Hannah Anderson and Suspected Abductor Looked Out of Place in Idaho Wilderness

By Zachary Stieber
Zachary Stieber
Zachary Stieber
Reporter
Zachary Stieber covers U.S. news and stories relating to the COVID-19 pandemic. He is based in Maryland.
August 11, 2013 Updated: August 12, 2013

The horseback riders who encountered Hannah Anderson, a missing California teen, and her alleged abductor James DiMaggio, say the pair seemed out of place and ill-equipped for the Idaho back country.

At a news conference Sunday in Boise, the four riders – two men and two women – said they came across 16-year-old Hannah Anderson and 40-year-old James Lee DiMaggio on Wednesday morning.

Mark John said the two weren’t friendly and that the girl was wearing pajamas or sweatpants, while both were wearing tennis shoes and had no rain gear. John said when he returned home he saw an Amber Alert that had been sent out for Anderson, and he contacted police.

“Usually when you meet people in the backcountry, you have a pretty good encounter, talk about where you’ve been and where you’re going,” said the 71-year-old John, who is a former sheriff’s deputy from Gem County. “They didn’t want to talk.”

“They didn’t fit,” said John. “He might have been an outdoorsman in California but he was not an outdoorsman in Idaho … Red flags kind of went up.”

Mary Young, another of the riders, said that they asked DiMaggio what he was doing out in the wilderness and he told her that last year Hannah had picked a place to go (Hollywood) and “this year it was my turn to pick a place,” she recounted.

While the situation was strange, it could be explained, she said. “They could of been father and daughter … it was unusual, it was strange, but it was explainable.”

Mike Young said that DiMaggio was stroking a grey cat off to the side of the lake they were at while Anderson was soaking her feet in the water. “What are you doing with a cat in here?” he asked DiMaggio.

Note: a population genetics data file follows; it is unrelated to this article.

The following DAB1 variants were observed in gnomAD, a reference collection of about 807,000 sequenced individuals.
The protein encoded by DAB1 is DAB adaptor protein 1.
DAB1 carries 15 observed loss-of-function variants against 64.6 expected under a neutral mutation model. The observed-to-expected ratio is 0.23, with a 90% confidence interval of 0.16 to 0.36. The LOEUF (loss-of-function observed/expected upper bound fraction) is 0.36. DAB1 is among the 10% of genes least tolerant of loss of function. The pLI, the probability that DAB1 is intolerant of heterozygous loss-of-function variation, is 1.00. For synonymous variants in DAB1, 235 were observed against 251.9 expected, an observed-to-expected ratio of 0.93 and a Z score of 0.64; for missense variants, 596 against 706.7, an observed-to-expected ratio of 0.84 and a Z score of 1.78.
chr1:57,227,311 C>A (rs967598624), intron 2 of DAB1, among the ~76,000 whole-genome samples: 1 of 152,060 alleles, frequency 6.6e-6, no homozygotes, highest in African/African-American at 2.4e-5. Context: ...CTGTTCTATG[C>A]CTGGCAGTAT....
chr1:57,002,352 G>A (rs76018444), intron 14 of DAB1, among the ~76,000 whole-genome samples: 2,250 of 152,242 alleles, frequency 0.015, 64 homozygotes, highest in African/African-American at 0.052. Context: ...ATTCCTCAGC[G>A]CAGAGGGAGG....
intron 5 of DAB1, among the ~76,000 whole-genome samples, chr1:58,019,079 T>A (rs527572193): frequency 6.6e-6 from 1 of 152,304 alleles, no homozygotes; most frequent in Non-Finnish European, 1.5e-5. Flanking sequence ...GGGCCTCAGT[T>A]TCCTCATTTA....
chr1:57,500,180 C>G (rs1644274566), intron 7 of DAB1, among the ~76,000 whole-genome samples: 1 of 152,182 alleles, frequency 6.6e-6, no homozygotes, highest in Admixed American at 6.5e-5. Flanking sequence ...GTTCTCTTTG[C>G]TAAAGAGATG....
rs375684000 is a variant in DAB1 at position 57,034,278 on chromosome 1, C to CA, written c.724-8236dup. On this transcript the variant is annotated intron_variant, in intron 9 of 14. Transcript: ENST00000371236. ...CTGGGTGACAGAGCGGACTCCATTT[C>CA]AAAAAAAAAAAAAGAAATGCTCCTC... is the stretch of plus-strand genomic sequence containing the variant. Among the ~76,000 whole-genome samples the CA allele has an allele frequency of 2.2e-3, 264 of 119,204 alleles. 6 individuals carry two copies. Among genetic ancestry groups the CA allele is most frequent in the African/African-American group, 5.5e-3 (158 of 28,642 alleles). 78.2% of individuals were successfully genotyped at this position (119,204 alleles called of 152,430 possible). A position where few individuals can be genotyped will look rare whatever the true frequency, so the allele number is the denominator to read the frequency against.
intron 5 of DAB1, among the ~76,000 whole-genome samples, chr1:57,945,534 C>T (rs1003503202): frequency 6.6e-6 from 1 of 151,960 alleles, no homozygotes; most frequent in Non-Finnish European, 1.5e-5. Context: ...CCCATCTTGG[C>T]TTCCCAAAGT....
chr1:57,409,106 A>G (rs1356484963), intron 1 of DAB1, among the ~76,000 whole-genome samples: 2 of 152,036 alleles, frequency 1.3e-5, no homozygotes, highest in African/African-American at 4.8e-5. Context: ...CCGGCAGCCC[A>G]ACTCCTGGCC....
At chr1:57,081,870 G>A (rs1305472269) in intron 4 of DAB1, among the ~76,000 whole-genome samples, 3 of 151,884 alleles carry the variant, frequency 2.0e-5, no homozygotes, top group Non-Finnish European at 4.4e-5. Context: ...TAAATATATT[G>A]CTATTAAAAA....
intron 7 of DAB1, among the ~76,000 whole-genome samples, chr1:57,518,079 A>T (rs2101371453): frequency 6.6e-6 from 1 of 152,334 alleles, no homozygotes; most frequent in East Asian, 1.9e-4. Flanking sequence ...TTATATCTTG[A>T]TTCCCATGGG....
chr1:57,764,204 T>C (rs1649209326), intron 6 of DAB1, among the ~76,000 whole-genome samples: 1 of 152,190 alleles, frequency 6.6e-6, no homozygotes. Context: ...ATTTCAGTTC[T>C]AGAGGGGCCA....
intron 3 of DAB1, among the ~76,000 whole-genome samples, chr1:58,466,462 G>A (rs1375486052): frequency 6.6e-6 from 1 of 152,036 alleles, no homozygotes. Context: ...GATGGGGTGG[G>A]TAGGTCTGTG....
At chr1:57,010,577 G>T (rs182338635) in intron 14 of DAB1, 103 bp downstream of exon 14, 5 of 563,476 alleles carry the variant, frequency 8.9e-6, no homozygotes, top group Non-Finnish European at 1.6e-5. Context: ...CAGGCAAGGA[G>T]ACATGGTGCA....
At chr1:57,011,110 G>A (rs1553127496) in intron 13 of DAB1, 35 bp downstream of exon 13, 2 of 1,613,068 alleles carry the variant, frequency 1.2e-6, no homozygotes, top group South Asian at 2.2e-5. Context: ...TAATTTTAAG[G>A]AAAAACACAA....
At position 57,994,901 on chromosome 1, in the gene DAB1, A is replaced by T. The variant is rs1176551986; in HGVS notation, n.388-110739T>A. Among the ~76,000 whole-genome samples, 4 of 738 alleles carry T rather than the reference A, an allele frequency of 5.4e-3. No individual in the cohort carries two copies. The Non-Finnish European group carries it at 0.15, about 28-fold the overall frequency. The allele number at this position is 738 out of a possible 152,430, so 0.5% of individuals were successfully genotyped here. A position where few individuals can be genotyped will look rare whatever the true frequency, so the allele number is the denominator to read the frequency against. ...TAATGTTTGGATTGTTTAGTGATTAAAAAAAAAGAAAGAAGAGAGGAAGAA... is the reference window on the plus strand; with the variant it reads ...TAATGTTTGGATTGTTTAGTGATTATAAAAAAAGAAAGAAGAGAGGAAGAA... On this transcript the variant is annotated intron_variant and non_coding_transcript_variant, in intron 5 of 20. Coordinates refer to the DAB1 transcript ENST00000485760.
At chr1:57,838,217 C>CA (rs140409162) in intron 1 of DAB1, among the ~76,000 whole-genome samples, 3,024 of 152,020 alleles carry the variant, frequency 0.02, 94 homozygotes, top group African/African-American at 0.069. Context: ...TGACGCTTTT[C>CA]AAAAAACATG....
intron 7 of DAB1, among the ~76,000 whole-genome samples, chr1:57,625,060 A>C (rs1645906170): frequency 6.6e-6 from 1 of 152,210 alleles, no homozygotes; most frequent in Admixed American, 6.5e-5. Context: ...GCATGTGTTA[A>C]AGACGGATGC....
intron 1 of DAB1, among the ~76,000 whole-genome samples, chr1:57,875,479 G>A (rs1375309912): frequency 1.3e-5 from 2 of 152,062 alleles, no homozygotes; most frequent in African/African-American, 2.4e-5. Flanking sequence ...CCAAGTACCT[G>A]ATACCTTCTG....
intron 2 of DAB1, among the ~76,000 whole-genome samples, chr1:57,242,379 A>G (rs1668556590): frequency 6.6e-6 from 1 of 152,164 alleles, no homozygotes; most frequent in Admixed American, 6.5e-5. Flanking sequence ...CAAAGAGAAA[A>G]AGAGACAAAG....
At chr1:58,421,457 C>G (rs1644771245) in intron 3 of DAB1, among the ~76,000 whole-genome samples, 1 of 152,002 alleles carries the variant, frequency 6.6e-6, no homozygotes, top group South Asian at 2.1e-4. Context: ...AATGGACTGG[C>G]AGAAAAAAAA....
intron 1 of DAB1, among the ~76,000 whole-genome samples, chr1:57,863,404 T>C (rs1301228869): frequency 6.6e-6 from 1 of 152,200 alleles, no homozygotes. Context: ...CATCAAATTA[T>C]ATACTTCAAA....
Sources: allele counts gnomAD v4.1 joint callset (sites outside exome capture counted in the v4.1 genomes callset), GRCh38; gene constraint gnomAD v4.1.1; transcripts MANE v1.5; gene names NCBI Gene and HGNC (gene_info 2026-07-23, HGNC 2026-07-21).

“He just kinda grinned, didn’t say much more, had a little smirk on his face,” said Young.

DiMaggio and Anderson also had what looked like all brand new equipment, which raised concerns among the riders.

Young said that at one point his wife Mary wanted to go and talk to Hannah, suspecting something might have been amiss. He said he’s not sure what would have happened but said with a wry smile that three of the riders were armed and “He might’ve gotten one of us, but we would’ve gotten him,” though none of them know if DiMaggio was armed.

The mountainous area where the pair were seen is extremely steep, and the closest point where the helicopters could drop the team of federal agents was more than a two-hour hike away. The agents crept close to the camp, waited until DiMaggio and Hannah separated, and then moved in.

The FBI moved the teen to an area where she could be picked up by a helicopter. The FBI won’t release details about what happened between DiMaggio and law enforcement at the campsite until an investigation is complete, other than to say DiMaggio was shot and killed.

FBI Special Agent in Charge Mary Rook from Salt Lake City said the FBI will continue to work with law enforcement in both Idaho and California as the case transitions back to the San Diego Sheriff’s Department.

Anderson appeared to be uninjured and was taken to an Idaho hospital where crisis counselors and health care providers were assisting her. Her father was expected to arrive in Idaho on Sunday to reunite with her.

The FBI said it was sending a team to investigate what unfolded before, during and after the shooting.

The location wasn’t far from where the horseback riders had spotted the pair.

The case began when the charred bodies of Hannah Anderson’s mother, Christina Anderson, 44, and the teen’s 8-year-old brother, Ethan Anderson, were found in DiMaggio’s burning house outside San Diego, near the Mexico border.

The original Amber Alert was sent out regionally before expanding statewide across four other states–Oregon, Nevada, Washington, and Idaho. Officials in Mexico and Canada were also on the lookout for the pair.

DiMaggio was close to the family. Christina Anderson’s husband, Brett Anderson, has described him as a best friend and said the children thought of him as an uncle.

Authorities have said DiMaggio had an “unusual infatuation” with Hannah, although the father said he never saw any strange behavior.

Tips led investigators to Oregon after DiMaggio and the teen were reportedly spotted there.

But it wasn’t until John called in his tip that investigators found a major lead — DiMaggio’s car, hidden under brush at a trailhead on the border of the Frank Church River of No Return Wilderness in central Idaho.

The Associated Press contributed to this report.

Zachary Stieber
Zachary Stieber covers U.S. news and stories relating to the COVID-19 pandemic. He is based in Maryland.